It will be evident that the diiiiculties involved in the previous methods of stacking are such as to place severe limitations on the speedof. operation. As the batches handled become large, more time is available for han-,

dling each batch, but the inertia correspondingly increases, as also the difficulty in maintaining vertical alignment of the products inthe batch. In a limiting, but actual case, the stack may be composed of only two batches, each containing, say, as many as twenty-five or fifty products. In this case, however, in addition to the difficulties involved due tofinertia efiects, the stack is composed of two wedge-shaped batchesQthe dividing line between batches being a pronouncedly slanted plane, so that the stack itself lacksstability. With previous methods, the avoidance of such effects through handling 3,166,266 Patented Jan. 19, 1965 ice turning movement decreases as the size of batch is decreased.

Previous stacking methods also present difficulty in permitting satisfactory inspection at high'speeds. The removal and simultaneous replacement of the copy as hitherto practiced by the pressman is not satisfactory at high speeds so that the preservation of the count requires the removal and replacement of a complete batch. In doing this, it is desirable that the batch be comparatively'small, but the difficulties above mentioned practically necessitate the handling of as large batches as possible, where previous stacking methods are used.

It is the general-object of the invention to provide an improved method and apparatus for stacking products in batches with alternate batches turned in their own planes through a half turn.

Another object of the invention is to provide a method which permits the inspection of copies by diverting and replacing a batch of copies, thereby eliminating the difficulty of removing copies from a fast moving stream and also eliminating any interference with accurate count. 7

Another object is to provide a stacking method in which the essential movements of the products may be accomplished at a uniform high speed which is independent of the speed of production of copies, thus eliminating difliculty due to variation in operation with the speed of movement of the elements involved.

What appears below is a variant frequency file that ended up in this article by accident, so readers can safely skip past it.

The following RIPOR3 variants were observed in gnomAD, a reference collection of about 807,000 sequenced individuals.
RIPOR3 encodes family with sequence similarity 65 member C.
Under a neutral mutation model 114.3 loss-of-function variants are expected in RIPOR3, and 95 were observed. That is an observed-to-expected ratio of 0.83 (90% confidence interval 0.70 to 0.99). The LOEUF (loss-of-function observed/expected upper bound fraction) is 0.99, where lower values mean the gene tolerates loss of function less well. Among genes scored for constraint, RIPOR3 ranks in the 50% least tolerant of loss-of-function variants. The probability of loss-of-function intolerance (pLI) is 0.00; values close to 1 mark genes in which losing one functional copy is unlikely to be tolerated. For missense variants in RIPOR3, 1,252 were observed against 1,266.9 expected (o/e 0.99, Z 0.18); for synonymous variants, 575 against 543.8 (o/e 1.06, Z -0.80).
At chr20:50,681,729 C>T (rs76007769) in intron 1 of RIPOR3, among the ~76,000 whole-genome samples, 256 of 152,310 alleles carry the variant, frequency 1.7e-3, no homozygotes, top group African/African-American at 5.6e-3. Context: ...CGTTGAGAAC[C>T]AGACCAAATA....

A further object is to provide a method in which the indexing movements of the stacking operation orsteps may proceed at a slower rate, as, for example, one-half the rate of the batch production.

A method and .apparatus'forpracticing the invention steps involved in forming a stack according to the method of the invention.

Referring first to FIGS. 1 and 2, there is' indicated therein a stream of products P advancing on tapes 10, the

small batches decreases the time available for handling" each batch unduly and also rules out the turning of the products being retarded in their movement by stop elements 11, which are moved along by a conveyor chainarrangement 12 at a somewhat slower speed than the tapeslt] so as to separate the products into batches B,

as indicated. Past the patch forming point is a switch 13 comprising two groups of belt arms 13a and 1311, respectively, which in their solid line positions directthe batch to tapes14 delivering to a temporary receiver 16 t and in their dotted line positions. permit tapes 10 to deliver a patch to another temporary receiver 15. =Thetwo belt arms 13a and.13b are moved up and down, corresponding to the directing of the batches to the temporary receivers 15 and 16, respectively, by lever arms 51 and.

52, respectively. The lever arm movements are controlled-by a cam 53 which is designed for a full cycle of two successivebatches and which, is directly driven at a ratio of l':4 by gears 55 and 56 by the upper sprocket shaft54 of the conveyor chain 12. a 5

A linkage, composed of a rod 57, a connec'ting'linlc 58, a lever 59, rod otl a nd crank 61 is arranged for moving the slanting bottoms 18, 18 of the temporary receivers 1S and 16 back and forth. The crank 61 is driven by i a gear motor 62.

The receivers 15 and 16 may be of identical construction, enibodying in each case walls 17 for guiding the batches and a slanting bottom 18, 13 for temporarily sup- I porting and then releasing (broken line position) the batches. Below-the temporary receivers and 16 is positione'd arotatable'carrier, denoted by'the 'general numeral hequipped With'four'temporary receiver's or pockets 2%, 21, 22, 23,, spaced at equal (90) intervalsaround the carrier, the diametrally opposite pockets being spaced apart by the same distance as the temporary receivers 15,.